Holly Weiss's Reviews > Sarah

Sarah by Orson Scott Card
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's review
Jan 07, 12

bookshelves: kindle, historical-fictionistas, ancient-world
Recommended to Holly by: LemonLinda
Read from January 05 to 07, 2012

Orson Scott Card is well-known for his science fiction novels, especially Ender’s Game (insert link). Now he ventures into the stories of women of the Bible. Card himself states, “Women did not show up much in historical records.”

The book is a retelling of the biblical story of Sarah, wife of Abram. The setting is in the Middle East during ancient times. At the age of ten, Sarah meets Abram and falls in love at first sight. He pledges to come back and marry her and within ten years, he does. Card portrays Sarai as a courageous Hebrew woman from the house of Ur, always devoted to her husband, the patriarch, Abram. She deals with desert life, barrenness and jealousy. Their marriage takes her from Ur, a city on the banks of the Euphrates River in ancient Sumeria, to Canaan, Pharaoh’s palace in Egypt, and back to Canaan.

We can’t possibly know if the real Sarai acted and reacted as Card writes her because the Biblical account of her is sketchy. In this book, she is a living, breathing, complex woman. Cultural and social details are there (not plentiful), but the overriding subject is Sarah and her relationships. She admirably tolerated her ever-complaining sister, Qira. I found it refreshing to read about Abram through the eyes of his wife.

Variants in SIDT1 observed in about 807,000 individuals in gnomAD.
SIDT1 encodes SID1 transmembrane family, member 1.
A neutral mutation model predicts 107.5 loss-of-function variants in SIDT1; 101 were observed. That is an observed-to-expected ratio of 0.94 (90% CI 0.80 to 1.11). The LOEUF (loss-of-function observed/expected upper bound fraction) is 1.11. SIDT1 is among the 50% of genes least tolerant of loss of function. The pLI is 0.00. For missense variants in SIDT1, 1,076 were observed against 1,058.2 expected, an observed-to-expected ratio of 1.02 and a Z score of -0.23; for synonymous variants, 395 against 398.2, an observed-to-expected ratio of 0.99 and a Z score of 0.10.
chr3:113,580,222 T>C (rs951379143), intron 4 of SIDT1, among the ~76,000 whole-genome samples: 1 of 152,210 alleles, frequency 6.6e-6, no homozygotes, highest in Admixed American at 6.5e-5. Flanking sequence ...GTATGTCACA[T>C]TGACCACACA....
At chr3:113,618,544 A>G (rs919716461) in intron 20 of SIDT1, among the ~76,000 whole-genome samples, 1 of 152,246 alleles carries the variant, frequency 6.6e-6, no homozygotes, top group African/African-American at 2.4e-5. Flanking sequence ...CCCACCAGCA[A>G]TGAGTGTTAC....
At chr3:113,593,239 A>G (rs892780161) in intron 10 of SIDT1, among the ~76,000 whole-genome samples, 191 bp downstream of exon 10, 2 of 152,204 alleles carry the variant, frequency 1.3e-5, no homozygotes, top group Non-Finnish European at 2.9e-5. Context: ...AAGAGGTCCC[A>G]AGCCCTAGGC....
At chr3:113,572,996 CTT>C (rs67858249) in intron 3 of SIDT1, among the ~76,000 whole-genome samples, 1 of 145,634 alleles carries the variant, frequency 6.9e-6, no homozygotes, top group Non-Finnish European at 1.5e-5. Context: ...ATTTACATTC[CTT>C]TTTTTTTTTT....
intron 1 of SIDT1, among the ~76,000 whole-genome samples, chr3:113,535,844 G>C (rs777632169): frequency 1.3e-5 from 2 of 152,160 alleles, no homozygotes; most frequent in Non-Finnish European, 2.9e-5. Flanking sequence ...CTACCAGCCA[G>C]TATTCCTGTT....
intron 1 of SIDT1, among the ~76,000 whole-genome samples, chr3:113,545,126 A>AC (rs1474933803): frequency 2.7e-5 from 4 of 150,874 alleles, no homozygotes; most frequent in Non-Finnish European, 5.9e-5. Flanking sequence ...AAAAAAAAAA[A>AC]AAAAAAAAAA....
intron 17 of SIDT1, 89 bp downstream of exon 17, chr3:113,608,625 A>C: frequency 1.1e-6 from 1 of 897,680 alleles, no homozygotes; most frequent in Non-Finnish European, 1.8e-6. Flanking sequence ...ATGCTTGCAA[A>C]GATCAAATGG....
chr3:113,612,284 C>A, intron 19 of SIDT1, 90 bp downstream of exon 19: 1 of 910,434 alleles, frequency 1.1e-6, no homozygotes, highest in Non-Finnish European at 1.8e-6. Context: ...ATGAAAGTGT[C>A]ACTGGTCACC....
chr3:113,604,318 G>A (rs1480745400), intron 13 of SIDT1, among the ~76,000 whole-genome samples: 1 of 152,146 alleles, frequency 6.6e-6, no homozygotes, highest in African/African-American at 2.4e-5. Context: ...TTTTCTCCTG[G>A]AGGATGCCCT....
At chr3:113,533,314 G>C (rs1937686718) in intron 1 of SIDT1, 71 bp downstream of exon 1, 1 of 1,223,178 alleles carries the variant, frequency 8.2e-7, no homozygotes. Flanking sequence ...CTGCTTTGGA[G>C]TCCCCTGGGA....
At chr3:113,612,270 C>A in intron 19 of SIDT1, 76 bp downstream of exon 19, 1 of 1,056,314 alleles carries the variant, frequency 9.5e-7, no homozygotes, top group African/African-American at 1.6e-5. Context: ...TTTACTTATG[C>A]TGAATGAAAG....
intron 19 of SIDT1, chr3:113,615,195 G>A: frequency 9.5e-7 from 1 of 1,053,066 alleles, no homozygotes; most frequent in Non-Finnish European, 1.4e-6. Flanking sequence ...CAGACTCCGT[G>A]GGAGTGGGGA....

In this fictional account, the author combines historical and archeological details, the Genesis account and his imagination to bring Sarai to life. If you can accept that certain details are changed to suit the author’s pen, you will enjoy this sensitive recreation of Sarai, wife of Abraham. Some of the male/female dynamics are not quite accurate due to the male dominated hierarchy of the time but they add zest to the story.

I admire the author (male) for going out on a limb to recreate a biblical character (female). I wanted to like this book more than I did. I was somewhat put off because it was heavy on dialogue that sounded very modern.

Excellent quote, “Faith doesn’t mean that you never doubt. It only means that you never act upon your doubts.”

In Card’s version, (view spoiler)

Reviewed by Holly Weiss, author of Crestmont


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